> Don't know how "cheap" they are.
> I have an app that does large batch updates. I found that if I dropped
> the indexes, did the updates and recreated the indexes, it was faster
> than doing the updates while the indexes were intact.

Yeah, unfortunately it's not batch work, but real time financial work. 
If I drop all the indexes my select performance goes through the floor,
as you'd expect.

> Does noatime make much difference on a PostgreSQL database?  I haven't
> tested that yet.

Yup, it does.  In fact it should probably be in the standard install
documentation (unless someone has a reason why it shouldn't).  Who
*cares* when PG last looked at the tables?  If 'nomtime' was available
that would probably be a good thing too.

> Can you split it onto multiple boxes?  Some database layouts lend themselves
> to this, others don't.  Obviously you can't do joins from one server to
> another, so you may lose more in multiple queries than you gain by having
> multiple servers.  It's worth looking into though.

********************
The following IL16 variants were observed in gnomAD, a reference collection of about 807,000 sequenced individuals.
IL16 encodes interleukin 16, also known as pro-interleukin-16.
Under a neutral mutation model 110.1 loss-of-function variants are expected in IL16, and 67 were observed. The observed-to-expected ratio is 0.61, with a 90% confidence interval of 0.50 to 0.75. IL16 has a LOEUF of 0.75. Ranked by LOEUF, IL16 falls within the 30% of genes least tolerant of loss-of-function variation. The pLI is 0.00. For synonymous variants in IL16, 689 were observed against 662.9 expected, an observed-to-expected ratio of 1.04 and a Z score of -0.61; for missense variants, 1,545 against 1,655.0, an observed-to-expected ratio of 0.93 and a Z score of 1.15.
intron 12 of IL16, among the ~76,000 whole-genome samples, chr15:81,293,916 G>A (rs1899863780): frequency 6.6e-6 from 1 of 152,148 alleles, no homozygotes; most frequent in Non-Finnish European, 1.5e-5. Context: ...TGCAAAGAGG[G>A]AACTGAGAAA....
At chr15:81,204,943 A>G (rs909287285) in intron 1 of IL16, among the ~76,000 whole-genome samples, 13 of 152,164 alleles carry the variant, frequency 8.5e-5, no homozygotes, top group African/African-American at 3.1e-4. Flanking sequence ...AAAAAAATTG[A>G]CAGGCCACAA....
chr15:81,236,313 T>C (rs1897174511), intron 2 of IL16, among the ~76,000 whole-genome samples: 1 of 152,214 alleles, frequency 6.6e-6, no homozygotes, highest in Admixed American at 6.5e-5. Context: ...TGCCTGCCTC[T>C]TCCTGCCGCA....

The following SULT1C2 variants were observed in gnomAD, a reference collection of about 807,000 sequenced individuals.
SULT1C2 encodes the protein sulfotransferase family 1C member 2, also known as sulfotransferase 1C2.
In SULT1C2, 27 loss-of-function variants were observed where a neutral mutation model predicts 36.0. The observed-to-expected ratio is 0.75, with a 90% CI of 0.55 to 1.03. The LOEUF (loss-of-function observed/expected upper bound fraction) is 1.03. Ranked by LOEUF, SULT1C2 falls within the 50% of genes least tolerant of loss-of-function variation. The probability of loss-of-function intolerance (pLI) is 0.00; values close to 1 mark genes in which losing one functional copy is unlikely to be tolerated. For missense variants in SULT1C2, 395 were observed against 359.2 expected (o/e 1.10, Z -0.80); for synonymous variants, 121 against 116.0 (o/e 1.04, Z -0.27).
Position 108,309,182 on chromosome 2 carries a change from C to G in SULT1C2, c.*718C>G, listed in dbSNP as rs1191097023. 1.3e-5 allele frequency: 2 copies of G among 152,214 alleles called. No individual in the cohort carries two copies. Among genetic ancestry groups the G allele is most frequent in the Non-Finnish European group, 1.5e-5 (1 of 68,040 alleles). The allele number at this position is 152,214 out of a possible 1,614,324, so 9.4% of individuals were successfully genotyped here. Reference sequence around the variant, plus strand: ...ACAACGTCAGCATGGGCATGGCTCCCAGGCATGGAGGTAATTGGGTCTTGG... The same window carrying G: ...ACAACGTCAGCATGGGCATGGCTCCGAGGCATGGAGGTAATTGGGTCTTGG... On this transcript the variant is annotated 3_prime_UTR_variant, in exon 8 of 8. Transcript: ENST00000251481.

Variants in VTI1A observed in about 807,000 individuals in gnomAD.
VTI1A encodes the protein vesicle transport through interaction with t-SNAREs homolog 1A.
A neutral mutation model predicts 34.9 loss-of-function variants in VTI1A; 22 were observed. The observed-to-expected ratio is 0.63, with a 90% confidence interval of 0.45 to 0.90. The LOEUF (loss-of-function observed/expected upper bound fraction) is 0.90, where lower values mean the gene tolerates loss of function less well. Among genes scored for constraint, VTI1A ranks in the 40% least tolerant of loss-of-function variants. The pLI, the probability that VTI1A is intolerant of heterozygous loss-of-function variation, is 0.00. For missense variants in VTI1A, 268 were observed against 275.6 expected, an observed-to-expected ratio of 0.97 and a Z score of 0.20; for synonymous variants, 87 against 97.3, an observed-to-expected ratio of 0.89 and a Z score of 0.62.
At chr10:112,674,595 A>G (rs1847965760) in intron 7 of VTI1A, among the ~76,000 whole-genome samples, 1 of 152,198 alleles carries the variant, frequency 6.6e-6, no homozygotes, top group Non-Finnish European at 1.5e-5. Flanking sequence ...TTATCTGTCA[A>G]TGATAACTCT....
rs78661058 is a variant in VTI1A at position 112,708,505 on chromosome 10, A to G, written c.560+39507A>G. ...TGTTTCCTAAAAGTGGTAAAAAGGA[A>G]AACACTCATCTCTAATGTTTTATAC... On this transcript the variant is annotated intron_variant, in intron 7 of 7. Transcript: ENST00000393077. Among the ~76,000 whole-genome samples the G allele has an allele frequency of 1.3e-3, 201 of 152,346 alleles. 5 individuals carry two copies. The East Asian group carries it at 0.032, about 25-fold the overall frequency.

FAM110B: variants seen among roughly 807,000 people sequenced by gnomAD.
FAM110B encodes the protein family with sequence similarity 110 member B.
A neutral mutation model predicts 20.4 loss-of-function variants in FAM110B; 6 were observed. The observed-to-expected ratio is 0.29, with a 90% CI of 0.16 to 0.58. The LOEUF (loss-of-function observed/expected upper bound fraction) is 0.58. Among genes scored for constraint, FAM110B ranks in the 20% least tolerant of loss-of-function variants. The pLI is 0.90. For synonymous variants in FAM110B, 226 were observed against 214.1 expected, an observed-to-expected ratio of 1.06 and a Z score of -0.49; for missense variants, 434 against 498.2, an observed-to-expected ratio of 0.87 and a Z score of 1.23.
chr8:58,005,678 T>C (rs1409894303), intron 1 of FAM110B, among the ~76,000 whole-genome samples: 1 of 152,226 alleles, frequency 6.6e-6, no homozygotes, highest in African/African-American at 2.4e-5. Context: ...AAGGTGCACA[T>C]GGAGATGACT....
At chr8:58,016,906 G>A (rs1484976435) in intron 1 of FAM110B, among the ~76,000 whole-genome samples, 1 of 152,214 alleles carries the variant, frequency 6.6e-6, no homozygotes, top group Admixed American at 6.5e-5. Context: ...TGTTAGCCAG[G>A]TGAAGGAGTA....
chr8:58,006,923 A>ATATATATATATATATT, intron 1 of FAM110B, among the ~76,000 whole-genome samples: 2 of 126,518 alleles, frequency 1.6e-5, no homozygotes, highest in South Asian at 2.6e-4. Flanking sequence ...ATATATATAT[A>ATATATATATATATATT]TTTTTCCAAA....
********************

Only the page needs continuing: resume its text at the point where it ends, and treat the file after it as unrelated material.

I'm considering that.  There are some tables which I might be able to
split out.  There amy even be some things I can pull from the DB
altogether (session info in particular, so long as I can reliably send a
given user's requests to the same app server each time, bearing in mind
I can't see the cookies too easily because 50% of the requests are over

> I know my answers aren't quite the ones you were looking for, but my
> experience is that many people try to solve poor application design
> by simply throwing bigger hardware at the problem.  It appears as though
> you've already done your homework, though.

Well, I *hope* that's the case!  The core issue is simply that we have
to deal with an insane load for 1 hour a week, and there's just no
avoiding it.

Maybe I can get Sun/HP/IBM to lend some gear (it's a pretty high-profile

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